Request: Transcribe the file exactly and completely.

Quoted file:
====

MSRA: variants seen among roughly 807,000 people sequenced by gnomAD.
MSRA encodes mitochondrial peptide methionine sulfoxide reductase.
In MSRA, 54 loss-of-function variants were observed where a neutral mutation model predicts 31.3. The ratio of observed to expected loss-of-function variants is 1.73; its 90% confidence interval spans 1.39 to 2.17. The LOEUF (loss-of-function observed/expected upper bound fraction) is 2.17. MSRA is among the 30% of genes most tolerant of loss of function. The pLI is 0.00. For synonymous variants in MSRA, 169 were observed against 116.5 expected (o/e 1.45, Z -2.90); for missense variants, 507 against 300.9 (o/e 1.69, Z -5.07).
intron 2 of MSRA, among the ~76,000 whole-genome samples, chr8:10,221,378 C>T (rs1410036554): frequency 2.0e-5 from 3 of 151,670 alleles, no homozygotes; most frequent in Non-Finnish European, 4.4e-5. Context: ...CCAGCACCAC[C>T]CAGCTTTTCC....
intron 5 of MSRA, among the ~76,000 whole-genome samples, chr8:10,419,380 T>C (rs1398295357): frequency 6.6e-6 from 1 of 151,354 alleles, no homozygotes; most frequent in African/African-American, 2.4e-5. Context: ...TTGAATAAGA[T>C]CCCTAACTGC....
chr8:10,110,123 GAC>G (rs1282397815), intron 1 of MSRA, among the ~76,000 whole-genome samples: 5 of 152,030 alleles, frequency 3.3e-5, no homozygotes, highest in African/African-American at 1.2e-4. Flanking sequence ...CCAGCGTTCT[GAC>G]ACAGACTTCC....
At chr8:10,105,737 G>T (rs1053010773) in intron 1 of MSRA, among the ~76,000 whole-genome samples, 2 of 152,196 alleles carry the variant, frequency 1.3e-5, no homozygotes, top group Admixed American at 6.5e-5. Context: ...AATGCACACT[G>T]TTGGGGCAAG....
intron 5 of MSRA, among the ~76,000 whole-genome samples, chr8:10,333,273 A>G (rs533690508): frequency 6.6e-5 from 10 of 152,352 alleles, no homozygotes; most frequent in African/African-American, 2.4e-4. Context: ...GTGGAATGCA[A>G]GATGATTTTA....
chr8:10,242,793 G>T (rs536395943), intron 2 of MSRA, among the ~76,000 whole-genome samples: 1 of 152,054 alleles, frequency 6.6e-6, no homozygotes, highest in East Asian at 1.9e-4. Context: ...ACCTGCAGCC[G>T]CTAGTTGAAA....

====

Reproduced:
MSRA: variants seen among roughly 807,000 people sequenced by gnomAD.
MSRA encodes mitochondrial peptide methionine sulfoxide reductase.
In MSRA, 54 loss-of-function variants were observed where a neutral mutation model predicts 31.3. The ratio of observed to expected loss-of-function variants is 1.73; its 90% confidence interval spans 1.39 to 2.17. The LOEUF (loss-of-function observed/expected upper bound fraction) is 2.17. MSRA is among the 30% of genes most tolerant of loss of function. The pLI is 0.00. For synonymous variants in MSRA, 169 were observed against 116.5 expected (o/e 1.45, Z -2.90); for missense variants, 507 against 300.9 (o/e 1.69, Z -5.07).
intron 2 of MSRA, among the ~76,000 whole-genome samples, chr8:10,221,378 C>T (rs1410036554): frequency 2.0e-5 from 3 of 151,670 alleles, no homozygotes; most frequent in Non-Finnish European, 4.4e-5. Context: ...CCAGCACCAC[C>T]CAGCTTTTCC....
intron 5 of MSRA, among the ~76,000 whole-genome samples, chr8:10,419,380 T>C (rs1398295357): frequency 6.6e-6 from 1 of 151,354 alleles, no homozygotes; most frequent in African/African-American, 2.4e-5. Context: ...TTGAATAAGA[T>C]CCCTAACTGC....
chr8:10,110,123 GAC>G (rs1282397815), intron 1 of MSRA, among the ~76,000 whole-genome samples: 5 of 152,030 alleles, frequency 3.3e-5, no homozygotes, highest in African/African-American at 1.2e-4. Flanking sequence ...CCAGCGTTCT[GAC>G]ACAGACTTCC....
At chr8:10,105,737 G>T (rs1053010773) in intron 1 of MSRA, among the ~76,000 whole-genome samples, 2 of 152,196 alleles carry the variant, frequency 1.3e-5, no homozygotes, top group Admixed American at 6.5e-5. Context: ...AATGCACACT[G>T]TTGGGGCAAG....
intron 5 of MSRA, among the ~76,000 whole-genome samples, chr8:10,333,273 A>G (rs533690508): frequency 6.6e-5 from 10 of 152,352 alleles, no homozygotes; most frequent in African/African-American, 2.4e-4. Context: ...GTGGAATGCA[A>G]GATGATTTTA....
chr8:10,242,793 G>T (rs536395943), intron 2 of MSRA, among the ~76,000 whole-genome samples: 1 of 152,054 alleles, frequency 6.6e-6, no homozygotes, highest in East Asian at 1.9e-4. Context: ...ACCTGCAGCC[G>T]CTAGTTGAAA....